A violent and angry rejection of modern music: We listen to Sweet Jonny’s Softcore EP

Softcore EP

The first thing you notice about this EP is that one of the band members has personally and lovingly sharpied the Sweet Jonny design onto the CD. Then you play it, and realise this is a real punk band.

Formed in 2013, the band played over 60 gigs last year, and have plenty booked in Brighton in the coming months. Softcore follows their first 2013 EP JSA, and was almost definitely recorded in an actual garage – which is not a bad thing. The sound is raw and gritty, the minimal production a violent and angry rejection of popular music trends.

At the same time Sweet Jonny sit squarely within the punk tradition and innovate outside of it. “Think the Pixies on speed or the Cramps if they were denied it,” the band suggest on their webpage. Tom Kent on bass and Jonny Pinder on drums form a messy, rolling platform for the rest of the band. In some songs, like Carpe Diem, you might hear a hint of the Clash and the British punk wave. It’s only a hint though – the lead guitar lines by Phil Coupland are a different style entirely, influenced by the modern British scene. Listen to his solo in Humdrum or his work with Kent on Mother Knows Best. Overflowing with distortion and screeching with feedback, the mix with the punk rhythm section is something new.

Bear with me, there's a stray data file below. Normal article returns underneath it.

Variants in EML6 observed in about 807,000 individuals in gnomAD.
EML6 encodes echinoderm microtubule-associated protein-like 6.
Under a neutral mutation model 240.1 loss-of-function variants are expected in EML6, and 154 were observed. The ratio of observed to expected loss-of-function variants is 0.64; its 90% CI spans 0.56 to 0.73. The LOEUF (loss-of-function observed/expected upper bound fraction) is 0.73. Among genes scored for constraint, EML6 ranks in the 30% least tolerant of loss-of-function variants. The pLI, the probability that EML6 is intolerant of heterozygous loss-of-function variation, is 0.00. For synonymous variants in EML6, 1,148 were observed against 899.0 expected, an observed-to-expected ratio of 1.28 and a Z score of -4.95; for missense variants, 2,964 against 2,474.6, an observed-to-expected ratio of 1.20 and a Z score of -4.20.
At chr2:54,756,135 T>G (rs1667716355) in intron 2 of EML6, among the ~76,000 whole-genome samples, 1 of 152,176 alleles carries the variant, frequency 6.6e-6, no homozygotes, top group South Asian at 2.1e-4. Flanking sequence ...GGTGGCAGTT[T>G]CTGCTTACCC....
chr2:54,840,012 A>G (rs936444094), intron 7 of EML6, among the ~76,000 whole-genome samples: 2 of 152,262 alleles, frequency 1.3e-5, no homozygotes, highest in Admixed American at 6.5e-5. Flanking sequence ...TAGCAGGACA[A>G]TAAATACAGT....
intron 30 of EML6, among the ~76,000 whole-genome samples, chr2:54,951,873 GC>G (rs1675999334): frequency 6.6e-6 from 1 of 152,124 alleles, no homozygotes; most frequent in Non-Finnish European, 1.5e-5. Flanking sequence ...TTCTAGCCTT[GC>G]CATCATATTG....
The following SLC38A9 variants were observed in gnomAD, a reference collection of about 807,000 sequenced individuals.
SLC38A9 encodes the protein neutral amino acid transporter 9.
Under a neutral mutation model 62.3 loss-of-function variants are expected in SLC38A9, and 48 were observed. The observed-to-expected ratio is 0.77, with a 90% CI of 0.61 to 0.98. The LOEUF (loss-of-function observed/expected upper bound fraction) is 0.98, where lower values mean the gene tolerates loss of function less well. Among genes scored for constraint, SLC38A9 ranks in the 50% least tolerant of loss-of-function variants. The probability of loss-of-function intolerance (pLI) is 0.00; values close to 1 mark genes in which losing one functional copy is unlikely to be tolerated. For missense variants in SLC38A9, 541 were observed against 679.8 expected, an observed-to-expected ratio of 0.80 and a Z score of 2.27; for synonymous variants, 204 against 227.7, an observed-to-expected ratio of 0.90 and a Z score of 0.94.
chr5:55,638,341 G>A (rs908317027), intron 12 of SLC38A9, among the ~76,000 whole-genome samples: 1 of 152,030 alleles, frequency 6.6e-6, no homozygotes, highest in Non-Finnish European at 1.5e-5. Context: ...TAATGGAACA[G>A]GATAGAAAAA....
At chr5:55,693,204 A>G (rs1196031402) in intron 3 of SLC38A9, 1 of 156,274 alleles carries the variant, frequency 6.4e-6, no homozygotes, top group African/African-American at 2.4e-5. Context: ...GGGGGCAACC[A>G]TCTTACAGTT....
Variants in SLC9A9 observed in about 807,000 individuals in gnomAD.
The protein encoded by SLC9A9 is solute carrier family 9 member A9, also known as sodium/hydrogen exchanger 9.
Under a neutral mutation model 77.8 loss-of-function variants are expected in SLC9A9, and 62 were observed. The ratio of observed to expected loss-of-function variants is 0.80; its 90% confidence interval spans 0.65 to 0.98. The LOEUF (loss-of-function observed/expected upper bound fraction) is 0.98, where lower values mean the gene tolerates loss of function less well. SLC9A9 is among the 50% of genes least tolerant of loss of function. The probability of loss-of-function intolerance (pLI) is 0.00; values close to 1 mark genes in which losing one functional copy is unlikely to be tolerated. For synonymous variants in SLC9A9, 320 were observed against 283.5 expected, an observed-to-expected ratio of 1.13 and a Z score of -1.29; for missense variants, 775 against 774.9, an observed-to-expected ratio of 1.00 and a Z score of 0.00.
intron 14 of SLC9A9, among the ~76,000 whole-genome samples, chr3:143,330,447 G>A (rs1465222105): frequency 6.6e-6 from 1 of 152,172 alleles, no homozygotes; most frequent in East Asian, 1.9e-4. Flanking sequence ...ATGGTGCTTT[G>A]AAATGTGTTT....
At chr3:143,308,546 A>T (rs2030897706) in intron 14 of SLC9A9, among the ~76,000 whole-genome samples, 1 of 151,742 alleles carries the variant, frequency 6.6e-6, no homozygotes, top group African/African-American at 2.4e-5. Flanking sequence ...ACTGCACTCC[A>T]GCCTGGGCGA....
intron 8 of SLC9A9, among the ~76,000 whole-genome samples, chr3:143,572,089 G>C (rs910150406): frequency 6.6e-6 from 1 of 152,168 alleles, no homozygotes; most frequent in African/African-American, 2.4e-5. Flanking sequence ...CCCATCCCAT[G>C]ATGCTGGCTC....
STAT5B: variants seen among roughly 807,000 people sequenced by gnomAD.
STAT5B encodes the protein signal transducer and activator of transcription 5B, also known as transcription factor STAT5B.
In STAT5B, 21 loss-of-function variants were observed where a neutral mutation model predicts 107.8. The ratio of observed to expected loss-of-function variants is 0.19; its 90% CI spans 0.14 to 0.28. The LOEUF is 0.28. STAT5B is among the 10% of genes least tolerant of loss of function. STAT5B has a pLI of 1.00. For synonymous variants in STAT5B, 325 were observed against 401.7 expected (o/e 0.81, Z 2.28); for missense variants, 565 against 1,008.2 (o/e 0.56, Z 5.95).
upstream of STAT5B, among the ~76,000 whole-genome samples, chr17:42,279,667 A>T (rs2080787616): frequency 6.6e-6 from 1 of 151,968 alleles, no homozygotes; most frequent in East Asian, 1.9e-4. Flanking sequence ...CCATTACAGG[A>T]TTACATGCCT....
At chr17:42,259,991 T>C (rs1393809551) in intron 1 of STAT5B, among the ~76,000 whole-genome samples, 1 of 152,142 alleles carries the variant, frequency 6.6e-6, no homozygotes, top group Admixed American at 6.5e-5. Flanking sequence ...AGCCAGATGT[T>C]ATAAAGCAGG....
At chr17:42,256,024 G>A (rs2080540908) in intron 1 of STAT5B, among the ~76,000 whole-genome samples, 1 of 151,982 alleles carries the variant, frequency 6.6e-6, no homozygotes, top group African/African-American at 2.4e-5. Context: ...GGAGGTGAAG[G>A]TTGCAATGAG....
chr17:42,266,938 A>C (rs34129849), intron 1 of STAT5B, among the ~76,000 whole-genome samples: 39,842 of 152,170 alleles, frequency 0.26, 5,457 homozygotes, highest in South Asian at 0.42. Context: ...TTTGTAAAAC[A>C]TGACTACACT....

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Tom Backshall, vocals, acts as the focal point for all the rage and violence from the band. It’s as though the band are sending him all their anger and desperation while they play, for him to ball up and spit out into the microphone. On top of this raw energy Tom brings to the mic, he adds a touch of the gothic, with his sepulchral style, that was less marked in their first EP.

 The overall picture is one of intense frustration and turmoil. Their live shows must be hectic to the point of being dangerous. Musically, Sweet Jonny are doing interesting and unusual things. In Softcore they’ve crafted a strange but refreshing blend of garage punk-rock with a slightly nightmarish tone. They’ve mixed tradition with experimentation and ended with an EP that will interest any punk fan.

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Buy your copy here on Sweet Jonny’s page.

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